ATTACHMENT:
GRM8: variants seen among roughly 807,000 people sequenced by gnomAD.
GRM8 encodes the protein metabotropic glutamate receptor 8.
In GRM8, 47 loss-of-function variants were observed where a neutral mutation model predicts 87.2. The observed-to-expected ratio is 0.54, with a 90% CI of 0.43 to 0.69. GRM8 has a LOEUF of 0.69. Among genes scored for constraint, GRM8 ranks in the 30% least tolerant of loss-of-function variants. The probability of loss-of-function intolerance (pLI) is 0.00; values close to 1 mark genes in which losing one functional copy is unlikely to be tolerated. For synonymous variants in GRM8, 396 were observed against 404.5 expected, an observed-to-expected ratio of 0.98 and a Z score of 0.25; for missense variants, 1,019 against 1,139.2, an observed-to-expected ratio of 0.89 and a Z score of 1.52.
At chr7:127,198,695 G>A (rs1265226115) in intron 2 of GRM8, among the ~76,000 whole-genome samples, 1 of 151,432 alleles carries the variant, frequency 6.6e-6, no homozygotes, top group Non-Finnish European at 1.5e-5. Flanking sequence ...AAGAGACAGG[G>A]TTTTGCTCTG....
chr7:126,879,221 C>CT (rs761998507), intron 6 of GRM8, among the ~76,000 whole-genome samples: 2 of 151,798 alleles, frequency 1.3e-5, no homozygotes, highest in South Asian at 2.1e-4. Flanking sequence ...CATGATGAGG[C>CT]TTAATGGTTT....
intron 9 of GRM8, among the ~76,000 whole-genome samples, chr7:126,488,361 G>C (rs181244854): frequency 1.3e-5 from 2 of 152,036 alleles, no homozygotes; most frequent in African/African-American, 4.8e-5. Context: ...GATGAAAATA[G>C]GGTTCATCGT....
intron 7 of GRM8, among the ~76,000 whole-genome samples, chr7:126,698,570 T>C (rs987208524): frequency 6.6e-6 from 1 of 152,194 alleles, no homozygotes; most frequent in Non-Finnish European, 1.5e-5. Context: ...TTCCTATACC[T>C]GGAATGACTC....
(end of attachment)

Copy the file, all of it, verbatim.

GRM8: variants seen among roughly 807,000 people sequenced by gnomAD.
GRM8 encodes the protein metabotropic glutamate receptor 8.
In GRM8, 47 loss-of-function variants were observed where a neutral mutation model predicts 87.2. The observed-to-expected ratio is 0.54, with a 90% CI of 0.43 to 0.69. GRM8 has a LOEUF of 0.69. Among genes scored for constraint, GRM8 ranks in the 30% least tolerant of loss-of-function variants. The probability of loss-of-function intolerance (pLI) is 0.00; values close to 1 mark genes in which losing one functional copy is unlikely to be tolerated. For synonymous variants in GRM8, 396 were observed against 404.5 expected, an observed-to-expected ratio of 0.98 and a Z score of 0.25; for missense variants, 1,019 against 1,139.2, an observed-to-expected ratio of 0.89 and a Z score of 1.52.
At chr7:127,198,695 G>A (rs1265226115) in intron 2 of GRM8, among the ~76,000 whole-genome samples, 1 of 151,432 alleles carries the variant, frequency 6.6e-6, no homozygotes, top group Non-Finnish European at 1.5e-5. Flanking sequence ...AAGAGACAGG[G>A]TTTTGCTCTG....
chr7:126,879,221 C>CT (rs761998507), intron 6 of GRM8, among the ~76,000 whole-genome samples: 2 of 151,798 alleles, frequency 1.3e-5, no homozygotes, highest in South Asian at 2.1e-4. Flanking sequence ...CATGATGAGG[C>CT]TTAATGGTTT....
intron 9 of GRM8, among the ~76,000 whole-genome samples, chr7:126,488,361 G>C (rs181244854): frequency 1.3e-5 from 2 of 152,036 alleles, no homozygotes; most frequent in African/African-American, 4.8e-5. Context: ...GATGAAAATA[G>C]GGTTCATCGT....
intron 7 of GRM8, among the ~76,000 whole-genome samples, chr7:126,698,570 T>C (rs987208524): frequency 6.6e-6 from 1 of 152,194 alleles, no homozygotes; most frequent in Non-Finnish European, 1.5e-5. Context: ...TTCCTATACC[T>C]GGAATGACTC....